Flexible Content for Brands
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Content marketing offers brands an opportunity to tell their stories and connect with consumers. Done right, content marketing strategies not only tell the brand story but enhance it. The original brand stories are more than familiar — from :30 spots to beautiful, glossy full-page ads — but the digital landscape presents a continuously evolving palette from which to paint. This moment opens many paths to more flexible and creative models for content marketing but requires a keen understanding of the digital landscape into which brand content is injected.
In exploiting these new opportunities for digital content marketing, a core principle remains — create great content that is compelling to a valuable audience and let them take hold of message. As a medium, video continues to thrive, as the skills from television are the most easily translated to online video. The aspiration is, of course, for branded videos to “go viral” — in other words: thrive in social. Videos like Dove’s Real Beauty Sketches, Pepsi’s Jeff Gordon Test Drive, or even the recent Devil’s Due prank video are all excellent (and very well planned) examples of creative resonating with consumers and spurring them to share of their own initiative. But video is not the only medium available to content marketers; there are compelling alternatives. Instagram photos, infographics, and animated GIFs, for example, offer creative alternatives for branded content efforts (and may require less production).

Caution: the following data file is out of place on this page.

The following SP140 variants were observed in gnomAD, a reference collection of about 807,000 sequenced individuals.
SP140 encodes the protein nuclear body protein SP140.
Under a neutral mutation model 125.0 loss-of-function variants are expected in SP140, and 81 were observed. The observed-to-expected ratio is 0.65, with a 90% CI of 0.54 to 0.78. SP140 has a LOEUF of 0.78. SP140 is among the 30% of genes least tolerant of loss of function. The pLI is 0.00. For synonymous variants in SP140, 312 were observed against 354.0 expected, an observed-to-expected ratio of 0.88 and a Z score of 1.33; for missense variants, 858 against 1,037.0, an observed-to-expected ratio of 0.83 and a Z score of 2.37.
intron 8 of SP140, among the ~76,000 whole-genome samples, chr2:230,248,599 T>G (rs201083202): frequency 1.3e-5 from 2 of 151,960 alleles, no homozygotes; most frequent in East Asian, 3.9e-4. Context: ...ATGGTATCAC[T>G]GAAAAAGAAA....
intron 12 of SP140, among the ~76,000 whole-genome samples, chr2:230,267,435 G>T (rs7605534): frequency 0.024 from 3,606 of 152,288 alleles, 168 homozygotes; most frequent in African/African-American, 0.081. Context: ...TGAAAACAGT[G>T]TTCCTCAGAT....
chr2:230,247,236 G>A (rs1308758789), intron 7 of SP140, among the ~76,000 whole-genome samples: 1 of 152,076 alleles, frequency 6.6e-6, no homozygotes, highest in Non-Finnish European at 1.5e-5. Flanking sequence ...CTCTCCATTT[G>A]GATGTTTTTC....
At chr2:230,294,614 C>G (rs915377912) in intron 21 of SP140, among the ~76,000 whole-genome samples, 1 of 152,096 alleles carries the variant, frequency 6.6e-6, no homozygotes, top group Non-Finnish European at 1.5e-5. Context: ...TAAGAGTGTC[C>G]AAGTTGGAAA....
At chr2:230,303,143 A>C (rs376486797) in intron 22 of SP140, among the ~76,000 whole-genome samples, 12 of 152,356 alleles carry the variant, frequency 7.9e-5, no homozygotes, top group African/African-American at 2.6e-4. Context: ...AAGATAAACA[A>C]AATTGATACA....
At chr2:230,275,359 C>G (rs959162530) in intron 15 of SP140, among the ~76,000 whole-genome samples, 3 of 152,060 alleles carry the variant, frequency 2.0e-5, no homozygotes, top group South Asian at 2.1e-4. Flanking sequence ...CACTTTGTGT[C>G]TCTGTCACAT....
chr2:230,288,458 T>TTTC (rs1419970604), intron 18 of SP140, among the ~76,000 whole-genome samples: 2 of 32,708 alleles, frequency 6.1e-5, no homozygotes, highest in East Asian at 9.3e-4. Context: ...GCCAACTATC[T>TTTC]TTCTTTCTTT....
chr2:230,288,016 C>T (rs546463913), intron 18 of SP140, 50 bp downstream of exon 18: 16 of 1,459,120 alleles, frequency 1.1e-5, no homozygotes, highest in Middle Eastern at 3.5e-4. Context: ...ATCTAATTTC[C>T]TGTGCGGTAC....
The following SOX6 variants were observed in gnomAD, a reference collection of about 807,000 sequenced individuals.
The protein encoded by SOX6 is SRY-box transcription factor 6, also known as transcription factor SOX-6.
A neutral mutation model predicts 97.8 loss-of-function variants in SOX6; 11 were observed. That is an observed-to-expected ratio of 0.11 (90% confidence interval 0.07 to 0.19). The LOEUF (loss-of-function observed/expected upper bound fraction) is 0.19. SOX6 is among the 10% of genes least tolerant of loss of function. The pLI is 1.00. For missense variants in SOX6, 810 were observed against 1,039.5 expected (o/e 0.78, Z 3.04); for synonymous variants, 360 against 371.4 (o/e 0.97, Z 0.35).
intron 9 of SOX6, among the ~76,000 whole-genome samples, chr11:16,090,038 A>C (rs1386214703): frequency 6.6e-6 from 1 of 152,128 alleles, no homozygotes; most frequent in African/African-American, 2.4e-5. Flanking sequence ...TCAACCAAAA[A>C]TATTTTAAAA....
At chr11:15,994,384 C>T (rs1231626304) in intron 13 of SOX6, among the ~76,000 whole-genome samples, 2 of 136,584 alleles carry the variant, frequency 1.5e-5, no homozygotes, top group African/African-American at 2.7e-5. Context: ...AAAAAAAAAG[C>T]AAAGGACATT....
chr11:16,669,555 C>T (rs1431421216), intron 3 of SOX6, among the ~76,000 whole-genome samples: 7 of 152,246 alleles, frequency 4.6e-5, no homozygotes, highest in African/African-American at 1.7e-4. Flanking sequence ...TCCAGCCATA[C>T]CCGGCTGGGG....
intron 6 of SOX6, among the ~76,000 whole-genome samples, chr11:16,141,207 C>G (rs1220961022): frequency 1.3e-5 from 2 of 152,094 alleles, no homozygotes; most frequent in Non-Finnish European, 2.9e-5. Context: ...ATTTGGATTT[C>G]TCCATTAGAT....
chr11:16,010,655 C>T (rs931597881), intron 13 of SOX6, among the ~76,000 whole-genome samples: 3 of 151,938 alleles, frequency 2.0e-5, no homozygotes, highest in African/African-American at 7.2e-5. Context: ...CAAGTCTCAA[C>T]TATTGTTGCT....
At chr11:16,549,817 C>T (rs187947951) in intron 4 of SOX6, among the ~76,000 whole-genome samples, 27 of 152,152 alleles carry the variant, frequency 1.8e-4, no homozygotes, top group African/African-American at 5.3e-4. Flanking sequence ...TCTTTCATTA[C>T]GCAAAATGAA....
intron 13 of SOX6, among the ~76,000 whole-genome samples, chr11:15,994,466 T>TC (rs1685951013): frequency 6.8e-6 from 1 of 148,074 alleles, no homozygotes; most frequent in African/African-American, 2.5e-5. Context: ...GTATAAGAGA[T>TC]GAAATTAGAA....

Regardless of the creative execution, the presentation is often best received if it is well integrated into its environment. Cliché though it may seem: the story told must be authentic and cannot violate the relationship with consumers in any given venue. In the case of Lexus’ early efforts on Instagram in late 2013, there was immediate backlash to the strategy with users, such as “Why am I seeing this if I don’t follow you?” But, implemented gracefully, these strategies can be enormously successful; a current Subway campaign using animated GIFs from 360i and Giphy enjoyed strong pickup from an audience that valued the sheer creativity of GIF artists for the #JanuANY campaign. And a “gravity mode” integrating GE seamlessly into the mobile game DOTS was so well received by consumers that they tweeted: “I stayed up to make sure dots gravity mode didn’t go away…”
When executed well, brand marketing can deliver new levels of entertainment or information that rise far beyond the bar of simply not being rejected — they, in fact, make the consumer experience better.
To succeed in those efforts, brands and their agencies are increasingly turning to publishers and product creators to help with the nuanced decisions around what will or won’t resonate with people. Demand for such capabilities gives rise to agency-like teams within companies like BuzzFeed, focused squarely on applying editorial sensibilities to native advertising. The coming year will likely yield new levels of experimentation on strategies that are truly received as “native” to their environment. And, as consumption shifts quickly to mobile devices, native storytelling begs for new presentation techniques, which are not only native to the media brand or venue, but also native to mobile devices.